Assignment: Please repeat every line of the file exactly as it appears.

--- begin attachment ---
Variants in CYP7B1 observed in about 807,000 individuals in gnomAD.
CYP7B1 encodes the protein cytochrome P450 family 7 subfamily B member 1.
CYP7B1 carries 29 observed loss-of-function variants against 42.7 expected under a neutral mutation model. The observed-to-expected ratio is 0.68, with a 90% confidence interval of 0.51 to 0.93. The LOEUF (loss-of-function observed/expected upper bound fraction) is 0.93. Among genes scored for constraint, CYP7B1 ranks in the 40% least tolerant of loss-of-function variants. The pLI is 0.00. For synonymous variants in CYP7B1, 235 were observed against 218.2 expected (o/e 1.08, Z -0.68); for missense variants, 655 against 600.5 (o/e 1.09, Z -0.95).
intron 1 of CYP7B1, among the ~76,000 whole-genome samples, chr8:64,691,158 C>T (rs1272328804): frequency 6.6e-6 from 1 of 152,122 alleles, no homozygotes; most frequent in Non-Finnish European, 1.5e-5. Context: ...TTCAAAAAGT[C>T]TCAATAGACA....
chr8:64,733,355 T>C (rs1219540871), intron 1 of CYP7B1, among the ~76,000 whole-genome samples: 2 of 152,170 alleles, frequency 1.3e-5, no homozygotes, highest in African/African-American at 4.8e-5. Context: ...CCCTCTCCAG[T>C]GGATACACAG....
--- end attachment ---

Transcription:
Variants in CYP7B1 observed in about 807,000 individuals in gnomAD.
CYP7B1 encodes the protein cytochrome P450 family 7 subfamily B member 1.
CYP7B1 carries 29 observed loss-of-function variants against 42.7 expected under a neutral mutation model. The observed-to-expected ratio is 0.68, with a 90% confidence interval of 0.51 to 0.93. The LOEUF (loss-of-function observed/expected upper bound fraction) is 0.93. Among genes scored for constraint, CYP7B1 ranks in the 40% least tolerant of loss-of-function variants. The pLI is 0.00. For synonymous variants in CYP7B1, 235 were observed against 218.2 expected (o/e 1.08, Z -0.68); for missense variants, 655 against 600.5 (o/e 1.09, Z -0.95).
intron 1 of CYP7B1, among the ~76,000 whole-genome samples, chr8:64,691,158 C>T (rs1272328804): frequency 6.6e-6 from 1 of 152,122 alleles, no homozygotes; most frequent in Non-Finnish European, 1.5e-5. Context: ...TTCAAAAAGT[C>T]TCAATAGACA....
chr8:64,733,355 T>C (rs1219540871), intron 1 of CYP7B1, among the ~76,000 whole-genome samples: 2 of 152,170 alleles, frequency 1.3e-5, no homozygotes, highest in African/African-American at 4.8e-5. Context: ...CCCTCTCCAG[T>C]GGATACACAG....